Dressed in a pink button-down shirt, red tie and grey suit, San Francisco Supervisor John Avalos began the interview by taking a bite of his ham and cheese sandwich. “Oh good, now you can record my lip smacking,” he said with a chuckle. Avalos is running for mayor of San Francisco in the November elections.
The interview with a University of San Francisco student took place in Avalos’ Market Street campaign headquarters. The place smelled of coffee cake and looked like the inside of a pumpkin: orange (orange, black and white are Avalos’ campaign colors) radiated from the walls, the tables, and even the ceiling, which is draped with Mexican papel picado banners. The dozen or so young men and women typing on their computers were welcoming, as they discussed an upcoming campaign event. Bikes, with “Vote for Avalos” signs pegged onto their wheels, were parked throughout the room.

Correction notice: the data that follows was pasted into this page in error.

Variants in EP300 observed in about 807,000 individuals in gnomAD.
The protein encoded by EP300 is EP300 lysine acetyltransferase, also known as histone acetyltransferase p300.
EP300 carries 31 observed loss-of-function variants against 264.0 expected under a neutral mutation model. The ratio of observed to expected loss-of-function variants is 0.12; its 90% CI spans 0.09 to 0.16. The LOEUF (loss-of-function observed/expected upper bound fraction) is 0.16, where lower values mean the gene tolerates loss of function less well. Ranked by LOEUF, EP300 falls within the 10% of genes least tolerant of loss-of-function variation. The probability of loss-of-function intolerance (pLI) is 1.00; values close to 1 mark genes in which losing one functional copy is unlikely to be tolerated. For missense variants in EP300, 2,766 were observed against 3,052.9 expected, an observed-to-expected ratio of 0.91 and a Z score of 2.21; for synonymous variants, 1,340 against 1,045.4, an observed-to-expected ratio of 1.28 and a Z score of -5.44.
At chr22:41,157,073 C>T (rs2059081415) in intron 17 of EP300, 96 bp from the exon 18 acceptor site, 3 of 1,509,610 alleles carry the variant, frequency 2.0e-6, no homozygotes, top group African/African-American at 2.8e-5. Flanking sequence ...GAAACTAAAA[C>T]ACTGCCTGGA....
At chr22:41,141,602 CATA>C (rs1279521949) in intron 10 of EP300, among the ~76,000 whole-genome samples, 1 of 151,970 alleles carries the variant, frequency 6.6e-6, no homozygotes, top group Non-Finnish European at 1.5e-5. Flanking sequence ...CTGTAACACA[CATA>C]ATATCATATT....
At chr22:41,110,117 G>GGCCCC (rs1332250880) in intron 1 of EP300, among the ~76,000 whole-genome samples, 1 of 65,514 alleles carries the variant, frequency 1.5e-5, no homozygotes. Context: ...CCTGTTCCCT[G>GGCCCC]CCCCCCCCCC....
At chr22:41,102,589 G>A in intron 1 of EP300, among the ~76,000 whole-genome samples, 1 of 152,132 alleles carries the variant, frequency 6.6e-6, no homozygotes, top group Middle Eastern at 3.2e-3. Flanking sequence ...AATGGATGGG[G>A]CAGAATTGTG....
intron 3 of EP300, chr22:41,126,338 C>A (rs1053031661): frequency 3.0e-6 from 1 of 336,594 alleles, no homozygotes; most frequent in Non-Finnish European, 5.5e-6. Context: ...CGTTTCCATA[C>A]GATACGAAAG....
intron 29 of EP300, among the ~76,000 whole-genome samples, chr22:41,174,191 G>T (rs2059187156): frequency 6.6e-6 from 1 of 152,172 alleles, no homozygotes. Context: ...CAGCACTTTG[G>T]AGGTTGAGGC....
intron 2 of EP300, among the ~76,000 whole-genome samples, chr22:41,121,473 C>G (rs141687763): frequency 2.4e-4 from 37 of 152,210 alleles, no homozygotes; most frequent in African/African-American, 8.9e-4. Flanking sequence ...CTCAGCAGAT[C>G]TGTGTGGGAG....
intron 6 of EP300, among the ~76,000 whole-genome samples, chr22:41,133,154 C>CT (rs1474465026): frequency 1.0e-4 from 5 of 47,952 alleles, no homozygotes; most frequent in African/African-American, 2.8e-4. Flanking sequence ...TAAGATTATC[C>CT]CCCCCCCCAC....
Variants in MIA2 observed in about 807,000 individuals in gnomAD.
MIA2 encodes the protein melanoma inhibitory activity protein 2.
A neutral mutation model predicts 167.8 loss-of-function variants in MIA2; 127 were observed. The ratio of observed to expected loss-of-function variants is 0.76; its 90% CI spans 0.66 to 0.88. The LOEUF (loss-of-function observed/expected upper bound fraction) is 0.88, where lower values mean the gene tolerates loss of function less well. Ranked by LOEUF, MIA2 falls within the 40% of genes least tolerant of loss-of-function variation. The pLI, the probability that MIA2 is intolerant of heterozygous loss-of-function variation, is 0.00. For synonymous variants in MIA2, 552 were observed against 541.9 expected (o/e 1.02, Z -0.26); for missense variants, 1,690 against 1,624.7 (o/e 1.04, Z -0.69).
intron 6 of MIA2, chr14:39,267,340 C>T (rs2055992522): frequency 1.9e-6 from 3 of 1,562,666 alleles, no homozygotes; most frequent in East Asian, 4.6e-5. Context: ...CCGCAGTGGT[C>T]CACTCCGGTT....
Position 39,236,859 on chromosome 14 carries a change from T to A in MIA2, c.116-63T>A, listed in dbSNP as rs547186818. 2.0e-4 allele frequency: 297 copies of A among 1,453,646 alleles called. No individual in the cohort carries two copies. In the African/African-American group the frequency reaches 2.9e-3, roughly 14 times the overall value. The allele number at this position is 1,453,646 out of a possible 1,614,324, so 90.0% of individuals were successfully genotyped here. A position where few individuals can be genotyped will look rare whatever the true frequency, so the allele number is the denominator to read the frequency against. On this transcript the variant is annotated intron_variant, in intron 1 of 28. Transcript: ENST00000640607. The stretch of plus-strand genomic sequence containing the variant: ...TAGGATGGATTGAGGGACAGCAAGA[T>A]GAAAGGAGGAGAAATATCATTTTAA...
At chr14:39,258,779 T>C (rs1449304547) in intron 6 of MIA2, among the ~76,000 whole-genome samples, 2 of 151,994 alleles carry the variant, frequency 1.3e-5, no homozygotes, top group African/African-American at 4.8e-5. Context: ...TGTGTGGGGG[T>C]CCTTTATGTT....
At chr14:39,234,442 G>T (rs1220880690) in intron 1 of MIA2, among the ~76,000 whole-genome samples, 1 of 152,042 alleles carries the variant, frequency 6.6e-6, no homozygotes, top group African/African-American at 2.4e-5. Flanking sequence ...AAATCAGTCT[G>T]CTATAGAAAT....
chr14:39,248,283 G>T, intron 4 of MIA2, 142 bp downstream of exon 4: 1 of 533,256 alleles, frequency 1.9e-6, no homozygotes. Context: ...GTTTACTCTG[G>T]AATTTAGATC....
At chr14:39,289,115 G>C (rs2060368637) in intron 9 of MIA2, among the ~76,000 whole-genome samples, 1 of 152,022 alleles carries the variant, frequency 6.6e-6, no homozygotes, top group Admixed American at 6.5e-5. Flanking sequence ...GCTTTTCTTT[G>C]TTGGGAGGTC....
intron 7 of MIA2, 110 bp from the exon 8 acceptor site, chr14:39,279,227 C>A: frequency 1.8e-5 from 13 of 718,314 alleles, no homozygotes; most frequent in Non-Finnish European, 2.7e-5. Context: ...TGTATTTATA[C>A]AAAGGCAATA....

Avalos comes from a self-proclaimed “humble background.” According to his Board of Supervisors biography page, Avalos, one of seven children, is the child of an office manager mother and a longshoreman father. He is a third-generation Mexican-American and the first in his family to graduate from a four-year university. He majored in English literature and graduated with honors from the University of California at Santa Barbara.
After living in Los Angeles, Massachusetts, and Santa Barbara, he moved to San Francisco in 1989 on a whim. “I was always inspired by the sixties, the whole, you know, hippie thing, the Beat thing. The arts and poetry, the music, that was all what kind of attracted me,” he said. “I also loved the city in itself: the beauty of it, the architecture. I came here in ‘83 for the first time. I was here one weekend, and I was like this is a great place, I wanna live here. There was a rainbow over the bay; I was like okay.”
During his early years in San Francisco, Avalos worked in a café and taught English. According to his campaign website, he got involved in community organizing and worked with nonprofits serving young people, including the Columbia Park Boys and Girls Club and Coleman Advocates for Youth. He earned a masters degree in social work from San Francisco State University. In the Justice for Janitors campaign, he organized to help union workers get affordable health care and better wages.